tic that would destroy the narrow pattern from the
parabolic reflector. This destruction is prevented by
the use of a hemispherical shield (not shown) that
directs most of what would otherwise be spherical
radiation toward the parabolic surface. Without the
shield, some of the radiated field would leave the
radiator directly, would not be reflected, and would
serve no useful purpose.
The shield makes the
beamsharper, and concentrates the majority of the
power in the beam. The same results can be obtained
by using either a parasitic array to direct the radiated
field back to the reflector, or a feed horn pointed at
The radiation pattern of the paraboloid contains
a major lobe, which is directed along the axis of the
paraboloid, and several minor lobes, as shown in figure
2-40. Very narrow beams are possible with this type
of reflector. View A of figure 2-41 illustrates the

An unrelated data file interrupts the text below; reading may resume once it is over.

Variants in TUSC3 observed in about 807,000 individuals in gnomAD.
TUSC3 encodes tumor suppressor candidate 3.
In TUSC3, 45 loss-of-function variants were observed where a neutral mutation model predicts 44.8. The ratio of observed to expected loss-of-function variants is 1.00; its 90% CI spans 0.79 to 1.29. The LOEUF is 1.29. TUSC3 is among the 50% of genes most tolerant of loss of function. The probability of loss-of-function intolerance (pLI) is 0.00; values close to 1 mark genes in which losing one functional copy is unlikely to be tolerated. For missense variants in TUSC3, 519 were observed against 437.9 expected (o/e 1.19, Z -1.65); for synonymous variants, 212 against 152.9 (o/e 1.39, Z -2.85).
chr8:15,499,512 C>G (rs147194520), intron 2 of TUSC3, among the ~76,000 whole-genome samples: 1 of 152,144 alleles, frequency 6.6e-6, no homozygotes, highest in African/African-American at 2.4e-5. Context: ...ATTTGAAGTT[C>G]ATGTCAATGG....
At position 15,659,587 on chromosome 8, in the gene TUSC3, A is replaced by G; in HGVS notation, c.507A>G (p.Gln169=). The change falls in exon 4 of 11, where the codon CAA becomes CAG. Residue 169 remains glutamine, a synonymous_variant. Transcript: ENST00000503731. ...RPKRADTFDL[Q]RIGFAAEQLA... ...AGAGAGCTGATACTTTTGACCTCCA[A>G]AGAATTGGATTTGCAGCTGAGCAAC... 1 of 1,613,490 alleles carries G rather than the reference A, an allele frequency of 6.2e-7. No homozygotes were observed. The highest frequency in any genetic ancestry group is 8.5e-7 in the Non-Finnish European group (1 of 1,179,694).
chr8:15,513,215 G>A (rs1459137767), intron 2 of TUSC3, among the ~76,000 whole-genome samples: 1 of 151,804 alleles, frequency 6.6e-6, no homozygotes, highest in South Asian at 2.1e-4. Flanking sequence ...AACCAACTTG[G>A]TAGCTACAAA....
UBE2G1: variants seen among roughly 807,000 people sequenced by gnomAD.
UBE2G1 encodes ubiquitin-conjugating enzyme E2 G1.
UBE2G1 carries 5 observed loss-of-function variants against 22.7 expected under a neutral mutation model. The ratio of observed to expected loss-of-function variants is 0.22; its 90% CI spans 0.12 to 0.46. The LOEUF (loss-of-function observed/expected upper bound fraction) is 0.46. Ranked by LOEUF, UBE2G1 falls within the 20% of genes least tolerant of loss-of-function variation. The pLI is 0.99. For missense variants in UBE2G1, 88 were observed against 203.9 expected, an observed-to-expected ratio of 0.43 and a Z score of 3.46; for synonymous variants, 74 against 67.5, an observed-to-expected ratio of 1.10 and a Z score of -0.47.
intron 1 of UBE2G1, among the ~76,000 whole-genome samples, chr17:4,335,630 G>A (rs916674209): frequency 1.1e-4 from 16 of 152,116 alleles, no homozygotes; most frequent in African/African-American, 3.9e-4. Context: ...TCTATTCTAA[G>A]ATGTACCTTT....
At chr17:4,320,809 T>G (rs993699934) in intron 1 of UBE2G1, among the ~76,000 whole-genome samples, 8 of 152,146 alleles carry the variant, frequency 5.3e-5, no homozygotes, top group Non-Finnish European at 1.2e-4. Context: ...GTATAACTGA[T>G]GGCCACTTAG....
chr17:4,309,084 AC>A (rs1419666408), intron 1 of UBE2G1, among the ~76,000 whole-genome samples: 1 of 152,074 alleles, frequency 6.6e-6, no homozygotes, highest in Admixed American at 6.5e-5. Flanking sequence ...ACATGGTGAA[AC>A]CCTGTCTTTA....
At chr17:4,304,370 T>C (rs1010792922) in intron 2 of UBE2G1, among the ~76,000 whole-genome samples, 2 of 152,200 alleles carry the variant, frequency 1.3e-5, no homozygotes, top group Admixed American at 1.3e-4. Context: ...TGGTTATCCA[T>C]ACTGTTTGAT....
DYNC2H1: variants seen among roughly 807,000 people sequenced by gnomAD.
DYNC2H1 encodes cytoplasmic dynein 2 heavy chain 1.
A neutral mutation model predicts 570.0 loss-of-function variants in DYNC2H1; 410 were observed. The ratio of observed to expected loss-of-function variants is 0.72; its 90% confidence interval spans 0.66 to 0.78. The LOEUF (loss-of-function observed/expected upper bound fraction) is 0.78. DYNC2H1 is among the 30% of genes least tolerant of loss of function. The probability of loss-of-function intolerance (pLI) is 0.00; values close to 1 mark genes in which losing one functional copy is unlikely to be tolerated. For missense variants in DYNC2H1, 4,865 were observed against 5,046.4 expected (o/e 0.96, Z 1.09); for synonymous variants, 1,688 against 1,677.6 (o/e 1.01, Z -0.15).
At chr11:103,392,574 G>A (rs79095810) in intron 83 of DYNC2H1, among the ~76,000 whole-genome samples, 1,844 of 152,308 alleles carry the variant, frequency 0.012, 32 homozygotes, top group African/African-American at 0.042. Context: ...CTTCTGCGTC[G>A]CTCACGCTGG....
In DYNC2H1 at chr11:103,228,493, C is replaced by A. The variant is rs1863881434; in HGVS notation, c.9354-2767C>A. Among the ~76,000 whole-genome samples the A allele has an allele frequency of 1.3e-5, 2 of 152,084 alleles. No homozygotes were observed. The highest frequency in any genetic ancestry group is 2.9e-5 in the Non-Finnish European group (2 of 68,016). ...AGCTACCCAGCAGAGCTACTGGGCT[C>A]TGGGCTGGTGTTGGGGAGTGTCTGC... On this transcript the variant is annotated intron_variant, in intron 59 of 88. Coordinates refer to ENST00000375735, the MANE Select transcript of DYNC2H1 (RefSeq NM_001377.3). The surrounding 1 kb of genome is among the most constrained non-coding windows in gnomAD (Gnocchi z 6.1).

While the complete parabolic reflector produces
a pencil-shaped beam, partial parabolic reflectors
Figure 2-40.Parabolic radiation pattern.
produce differently shaped beams. View B of figure
2-41 shows a horizontally truncated, or vertically
This type of reflector is
designed to produce a beam that is narrow horizontally
but wide vertically. Since the beam is wide vertically,
it will detect aircraft at different altitudes without
changing the tilt of the antenna. It also works well
for surface search radars to overcome the pitch and
roll of the ship.
Figure 2-41.Reflector shapes.